|Image: Moorea Biocode|
Brittle Star? Or a close-up of a star?
Brittle Stars are composed of a central disc from which 5 long arms sprawl out. These snaking limbs give them the name ophiuroid, which means Serpent Star.
There are going on 2,000 members of the class Ophiuroidea and they're found throughout the ocean, from the Arctic to the Antarctic and from rock pools to the deepest ocean floors.
Starfish, sea urchin and lots of Brittle Stars
Their success in this grim environment is partly because a lot of Brittle Stars are detritivores, so they eat bits of food in the abyssal mud. The miles and miles of abyssal mud.
Others are predators of small creatures or suspension feeders, where they use mucus on their tube feet to capture plankton from the current. They might even mix it all up a bit for a healthy, balanced diet.
The tube feet in Brittle Stars are a little different from the ones that starfish have in that they don't end in little suckers. Brittle Stars don't use them for getting around at all, and many will only use them for respiration and sensing their surroundings. Some, especially the suspension feeders, will use them for passing food on toward the mouth...
|Image: Simon Coppard|
A Bristle Star's underside showing its 5 jaws.
Do you think he's smiling?
To make matters worse, there could be a little bit of stomach sticking out of it. Yeh, Brittle Stars can do that nasty thing of pushing their stomach out through their mouth if food is too big to go the other way. If Muhammed won't go to the mountain, the mountain must go to Muhammed.
This is all quite a lot like starfish, but one big difference is that Brittle Stars have no anus. It means that everything has to be ejected through their mouth, no doubt leading to a complex, psychological relationship with food. Or it would if they had a head and a brain.
|Image: Bill Bouton via Flickr|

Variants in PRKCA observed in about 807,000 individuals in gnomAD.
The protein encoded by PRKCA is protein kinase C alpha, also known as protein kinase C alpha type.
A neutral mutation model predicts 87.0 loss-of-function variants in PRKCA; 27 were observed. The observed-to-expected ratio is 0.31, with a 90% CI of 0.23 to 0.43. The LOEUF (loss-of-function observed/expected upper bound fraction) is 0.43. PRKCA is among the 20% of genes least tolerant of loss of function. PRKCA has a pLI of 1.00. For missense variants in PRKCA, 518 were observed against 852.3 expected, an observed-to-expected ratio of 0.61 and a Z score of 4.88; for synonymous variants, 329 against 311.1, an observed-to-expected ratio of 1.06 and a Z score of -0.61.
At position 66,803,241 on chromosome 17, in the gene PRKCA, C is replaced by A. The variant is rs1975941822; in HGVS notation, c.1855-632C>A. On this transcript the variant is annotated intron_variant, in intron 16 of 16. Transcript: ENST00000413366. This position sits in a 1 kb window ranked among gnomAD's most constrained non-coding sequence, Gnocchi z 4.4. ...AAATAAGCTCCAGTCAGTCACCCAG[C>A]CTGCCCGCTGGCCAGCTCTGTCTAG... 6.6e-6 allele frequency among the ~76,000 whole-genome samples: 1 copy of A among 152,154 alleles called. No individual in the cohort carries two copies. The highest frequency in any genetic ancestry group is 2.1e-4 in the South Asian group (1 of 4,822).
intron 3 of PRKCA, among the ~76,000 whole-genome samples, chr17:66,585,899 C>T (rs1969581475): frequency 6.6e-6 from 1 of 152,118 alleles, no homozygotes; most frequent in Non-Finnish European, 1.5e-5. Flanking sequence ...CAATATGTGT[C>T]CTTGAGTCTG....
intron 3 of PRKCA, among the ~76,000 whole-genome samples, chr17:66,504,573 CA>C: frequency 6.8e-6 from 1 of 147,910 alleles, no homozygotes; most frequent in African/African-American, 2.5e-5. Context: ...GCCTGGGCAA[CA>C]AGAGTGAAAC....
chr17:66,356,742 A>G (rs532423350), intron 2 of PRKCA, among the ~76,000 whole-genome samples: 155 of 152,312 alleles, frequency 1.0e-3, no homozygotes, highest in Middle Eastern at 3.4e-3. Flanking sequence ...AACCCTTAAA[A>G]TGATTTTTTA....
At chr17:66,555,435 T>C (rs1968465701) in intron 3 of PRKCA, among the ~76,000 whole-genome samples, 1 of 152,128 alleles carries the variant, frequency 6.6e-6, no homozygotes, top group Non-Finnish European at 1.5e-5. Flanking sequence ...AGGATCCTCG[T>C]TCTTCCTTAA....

And, like Crinoids, those arms are scarcely more than skin and bone. Echinoderms have a strange, internal skeleton made of calcium carbonate plates called ossicles. Brittle Stars have huge ossicles in their arms connected together with ball-and-socket joints for excellent flexibility. It's like they have 5 backbones. Quite a coup for an invertebrate!
As the arms squirm about, spines sticking out from the sides give them traction. Brittle Stars can get around with surprising speed by slithering or dragging themselves along in a rowing motion. I have this strange image of people rowing in rowing boats across the water's surface and Brittle Stars doing the exact same thing across the water's bottom. It's odd to think, but these must be some of the fastest moving of all echinoderms. Especially when they have all 5 of their limbs...
|Image: Moorea Biocode|
'Tis but a scratch!
Brittle Stars are rather quick to break off an arm, hence the name "Brittle". They soon regenerate, though. It's not so easy for us humans, so you shouldn't consider hacking bits of yourself off as a first port of call.
And so, by hiding among rocks, living in environments few others can and taking advantage of a casual "on again, off again" relationship with their limbs, the Brittle Star survives and thrives.
Most Brittle Stars have males and females, although a few are hermaphrodite. Some have a free-swimming larval stage but many brood their young within their body and give birth to miniature Brittle Stars.
There are some oddities that have 6 arms and can split in two. Each side regrows half the central disc and the remaining 3 arms. Again, try not to split people in half without asking your doctor first. Results may vary.